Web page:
Aluminum is the most commonly used material for filters. It has good mechanical properties and provides a wide bandpass while also excluding visible light. Its bandpass characteristics are often modified by the addition of carbon or titanium.
Tin and Indium are used to provide bandpasses at the longer wavelengths. However, tin and indium have relatively short shelf lives, and require proper storage.
Boron and Carbon are used to provide a bandpass in the shorter wavelengths, but they do not provide much visible light rejection.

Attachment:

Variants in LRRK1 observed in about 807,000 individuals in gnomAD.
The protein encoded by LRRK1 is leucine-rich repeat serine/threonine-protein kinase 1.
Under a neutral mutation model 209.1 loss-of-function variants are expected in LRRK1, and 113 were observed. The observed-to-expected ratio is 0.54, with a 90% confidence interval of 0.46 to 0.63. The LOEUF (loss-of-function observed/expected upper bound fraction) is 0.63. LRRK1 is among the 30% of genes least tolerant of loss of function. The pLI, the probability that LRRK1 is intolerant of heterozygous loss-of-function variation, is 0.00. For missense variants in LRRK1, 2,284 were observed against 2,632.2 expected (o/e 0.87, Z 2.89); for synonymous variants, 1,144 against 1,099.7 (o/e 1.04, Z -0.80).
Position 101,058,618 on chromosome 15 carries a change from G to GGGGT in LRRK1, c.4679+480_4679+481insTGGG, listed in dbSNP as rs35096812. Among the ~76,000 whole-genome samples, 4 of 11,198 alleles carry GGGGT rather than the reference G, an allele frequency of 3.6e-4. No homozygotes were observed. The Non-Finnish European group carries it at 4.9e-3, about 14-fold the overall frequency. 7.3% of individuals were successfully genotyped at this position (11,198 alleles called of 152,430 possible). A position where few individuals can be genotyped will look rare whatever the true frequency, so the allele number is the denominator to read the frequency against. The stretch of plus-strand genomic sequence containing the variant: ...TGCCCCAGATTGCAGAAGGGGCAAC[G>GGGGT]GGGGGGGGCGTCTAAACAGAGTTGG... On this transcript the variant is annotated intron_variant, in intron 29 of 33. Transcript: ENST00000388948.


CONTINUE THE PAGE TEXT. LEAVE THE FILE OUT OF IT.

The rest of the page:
Polyimide has an EUV bandpass similar to carbon but offers greater mechanical strength. It is used for very large filters and those used to support pressure differentials.
Although most metal foils are free of any pinholes, some submicron foils may develop microscopic “windows” which appear to be pinholes when strongly backlit. These “virtual holes” are relatively transparent low-grade oxide, whose transmission is principally in the red. They tend to occur at only a few discrete points in the foil. If your research requires it, Luxel can “plug” these pinholes when necessary.